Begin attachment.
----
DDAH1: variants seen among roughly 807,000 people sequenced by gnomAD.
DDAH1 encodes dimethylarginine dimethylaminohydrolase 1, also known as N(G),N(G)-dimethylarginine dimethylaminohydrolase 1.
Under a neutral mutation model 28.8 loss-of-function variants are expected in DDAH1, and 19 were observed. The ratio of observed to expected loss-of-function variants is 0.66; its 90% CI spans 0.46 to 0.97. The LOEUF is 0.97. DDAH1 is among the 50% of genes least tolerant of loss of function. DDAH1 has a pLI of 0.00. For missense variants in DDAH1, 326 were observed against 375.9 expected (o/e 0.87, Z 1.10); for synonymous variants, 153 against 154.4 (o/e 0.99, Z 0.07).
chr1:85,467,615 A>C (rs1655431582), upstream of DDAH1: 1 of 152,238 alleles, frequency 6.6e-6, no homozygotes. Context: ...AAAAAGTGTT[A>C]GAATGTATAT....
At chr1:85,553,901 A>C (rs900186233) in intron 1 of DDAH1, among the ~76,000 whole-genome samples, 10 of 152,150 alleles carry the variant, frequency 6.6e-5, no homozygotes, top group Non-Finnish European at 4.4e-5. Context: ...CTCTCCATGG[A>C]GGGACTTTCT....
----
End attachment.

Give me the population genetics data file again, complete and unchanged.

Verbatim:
DDAH1: variants seen among roughly 807,000 people sequenced by gnomAD.
DDAH1 encodes dimethylarginine dimethylaminohydrolase 1, also known as N(G),N(G)-dimethylarginine dimethylaminohydrolase 1.
Under a neutral mutation model 28.8 loss-of-function variants are expected in DDAH1, and 19 were observed. The ratio of observed to expected loss-of-function variants is 0.66; its 90% CI spans 0.46 to 0.97. The LOEUF is 0.97. DDAH1 is among the 50% of genes least tolerant of loss of function. DDAH1 has a pLI of 0.00. For missense variants in DDAH1, 326 were observed against 375.9 expected (o/e 0.87, Z 1.10); for synonymous variants, 153 against 154.4 (o/e 0.99, Z 0.07).
chr1:85,467,615 A>C (rs1655431582), upstream of DDAH1: 1 of 152,238 alleles, frequency 6.6e-6, no homozygotes. Context: ...AAAAAGTGTT[A>C]GAATGTATAT....
At chr1:85,553,901 A>C (rs900186233) in intron 1 of DDAH1, among the ~76,000 whole-genome samples, 10 of 152,150 alleles carry the variant, frequency 6.6e-5, no homozygotes, top group Non-Finnish European at 4.4e-5. Context: ...CTCTCCATGG[A>C]GGGACTTTCT....